The fascist leader Mussolini conquered the colony once again and expanded it to include all of present-day Libya. More than 100,000 Libyans were killed at the time through hunger, terror, pogroms, kidnappings and poison gas attacks. Throughout the whole of North Africa, 500,000 fell victim to imperialist aggression, which was only concluded with Italy’s defeat in 1943.
When oil was discovered in Libya following the Second World War, Italy’s Agip oil concern, a predecessor to and now part of ENI, led the way and secured production rights in 1959. Libya possesses the largest proven oil reserves in Africa, and for more than 60 years, since the founding of ENI, Italy has led the way in exploiting these resources.
The nationalisations under Gaddafi, who came to power in 1969 at the head of an army officers’ coup that overthrew the British-installed King Idris, interrupted this bonanza temporarily. But from 2008, the Berlusconi government was able to form close ties with the Gaddafi clan, and the Libyan leader invested his money not only in ENI, but also in arms concern Finmeccanica, Juventus football club and numerous other Italian firms. Until 2011, when Gaddafi was overthrown and the country fell into conflicts between rival militias, Italy produced 300,000 barrels of oil and gas daily.
Italy took part in the NATO war against Gaddafi so as to defend its interests, including its production and processing facilities, under the new setup. Italy sought quickly to establish relations with the transitional council in Benghazi. ENI was the first company to resume and expand its production in Libya, and Italy was soon obtaining 15 percent of its oil and gas demand from GreenStream, the 516-kilometre-long pipeline from the Libyan town of Mellitah to Sicily. Contracts with the Libyan government are to guarantee these projects until 2047.
All this has now been called into question with the new civil war. Oil production has practically come to a halt. On February 15, Italy pulled out the employees of a number of Italian subsidiaries, mainly of ENI, along with its diplomats.
The Renzi government
Along with Italy’s imperialist interests, the internal political crisis is also driving the preparations for war in Libya. Militarism, terror and anti-immigrant chauvinism are designed to divert attention from mounting social tensions.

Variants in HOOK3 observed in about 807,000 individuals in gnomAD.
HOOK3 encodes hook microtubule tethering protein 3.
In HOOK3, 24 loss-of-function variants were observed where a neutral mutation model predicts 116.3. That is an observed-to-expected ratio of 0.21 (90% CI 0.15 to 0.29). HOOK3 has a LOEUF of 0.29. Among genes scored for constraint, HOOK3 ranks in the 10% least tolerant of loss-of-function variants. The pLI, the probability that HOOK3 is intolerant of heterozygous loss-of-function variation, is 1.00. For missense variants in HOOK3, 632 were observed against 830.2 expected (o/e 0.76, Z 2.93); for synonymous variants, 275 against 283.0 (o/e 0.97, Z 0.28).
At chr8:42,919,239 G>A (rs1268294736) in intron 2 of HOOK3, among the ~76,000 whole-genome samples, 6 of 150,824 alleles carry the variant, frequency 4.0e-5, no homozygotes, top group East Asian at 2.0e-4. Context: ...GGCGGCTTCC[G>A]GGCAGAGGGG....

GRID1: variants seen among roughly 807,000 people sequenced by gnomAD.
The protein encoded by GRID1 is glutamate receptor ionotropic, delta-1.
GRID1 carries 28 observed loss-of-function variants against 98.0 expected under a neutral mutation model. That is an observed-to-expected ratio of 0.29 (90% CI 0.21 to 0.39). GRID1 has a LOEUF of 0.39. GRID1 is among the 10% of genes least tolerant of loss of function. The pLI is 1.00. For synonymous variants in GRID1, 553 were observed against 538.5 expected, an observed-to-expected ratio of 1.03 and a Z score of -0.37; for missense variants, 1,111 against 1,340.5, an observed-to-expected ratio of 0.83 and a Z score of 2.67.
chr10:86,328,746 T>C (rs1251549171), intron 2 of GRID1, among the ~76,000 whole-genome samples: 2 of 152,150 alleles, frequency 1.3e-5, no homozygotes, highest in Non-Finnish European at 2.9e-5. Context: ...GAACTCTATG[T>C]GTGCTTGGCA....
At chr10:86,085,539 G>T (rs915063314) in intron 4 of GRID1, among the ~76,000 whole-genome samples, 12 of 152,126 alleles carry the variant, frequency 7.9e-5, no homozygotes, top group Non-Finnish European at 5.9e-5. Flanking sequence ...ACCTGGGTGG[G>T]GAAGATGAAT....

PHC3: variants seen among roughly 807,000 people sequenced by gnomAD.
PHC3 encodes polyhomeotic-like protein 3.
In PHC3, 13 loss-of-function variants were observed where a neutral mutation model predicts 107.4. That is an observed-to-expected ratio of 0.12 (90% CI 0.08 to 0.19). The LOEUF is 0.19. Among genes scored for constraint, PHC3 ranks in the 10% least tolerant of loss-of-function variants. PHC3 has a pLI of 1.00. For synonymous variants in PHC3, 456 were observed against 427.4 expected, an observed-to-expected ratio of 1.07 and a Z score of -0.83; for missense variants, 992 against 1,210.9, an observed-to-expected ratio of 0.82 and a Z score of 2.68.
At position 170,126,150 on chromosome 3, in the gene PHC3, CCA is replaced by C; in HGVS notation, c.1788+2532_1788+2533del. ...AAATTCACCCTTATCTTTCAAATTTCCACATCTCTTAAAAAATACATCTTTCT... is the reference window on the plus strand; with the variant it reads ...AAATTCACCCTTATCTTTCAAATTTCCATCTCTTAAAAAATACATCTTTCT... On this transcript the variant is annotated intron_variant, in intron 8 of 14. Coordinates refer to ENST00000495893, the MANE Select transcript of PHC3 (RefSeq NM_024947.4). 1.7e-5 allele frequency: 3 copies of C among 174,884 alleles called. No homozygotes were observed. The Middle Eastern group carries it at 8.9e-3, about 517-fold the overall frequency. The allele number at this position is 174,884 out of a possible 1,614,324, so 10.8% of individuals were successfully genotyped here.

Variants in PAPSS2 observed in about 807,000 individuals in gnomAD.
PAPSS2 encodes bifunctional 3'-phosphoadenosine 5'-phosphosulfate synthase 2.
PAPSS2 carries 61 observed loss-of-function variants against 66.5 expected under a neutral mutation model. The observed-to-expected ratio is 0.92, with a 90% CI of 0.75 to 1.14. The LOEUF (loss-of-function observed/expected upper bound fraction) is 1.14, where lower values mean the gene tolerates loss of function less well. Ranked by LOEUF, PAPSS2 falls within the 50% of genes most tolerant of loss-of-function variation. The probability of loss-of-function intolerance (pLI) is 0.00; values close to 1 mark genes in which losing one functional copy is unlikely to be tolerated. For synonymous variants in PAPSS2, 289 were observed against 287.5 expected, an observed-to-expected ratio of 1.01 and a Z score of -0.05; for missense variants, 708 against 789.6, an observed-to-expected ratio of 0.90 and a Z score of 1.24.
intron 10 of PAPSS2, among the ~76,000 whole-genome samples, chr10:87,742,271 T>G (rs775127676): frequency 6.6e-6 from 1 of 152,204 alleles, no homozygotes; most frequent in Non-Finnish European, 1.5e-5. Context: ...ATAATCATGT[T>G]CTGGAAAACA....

Since Matteo Renzi took over as premier at the age of 39 a year ago, he has pushed forward attacks on social rights and deregulation of the labour market. The country has debts of more than €2 trillion (135 percent of GDP) and has been in recession for years with terrible consequences. Fully 28 percent of the population are at risk of poverty, and in the south it is even higher, at 46 percent.
To maintain control over the opposition to his austerity agenda, Renzi has manoeuvred between different sections of the bourgeoisie to win them over to his goals. To begin with, he was raised to power by the trade unions and the SEL (Left, Ecology, Freedom) party of Nichi Vendola. Once in office, he maintained the coalition of his predecessor, Enrico Letta, with the New Centre Right (NCD) of Angelino Alfano, which had split from Silvio Berlusconi’s party.
In order to pass the Jobs Act labour market reform, constitutional amendments and electoral reforms through parliament, Renzi concluded the so-called Nazerener pact (named after the address of Renzi’s Democratic Party on Largo Nazereno) with Berlusconi. The pact held until the end of January 2015, when Renzi enforced the naming of former judge and Christian Democrat Sergio Mattarella as president against Berlusconi’s opposition.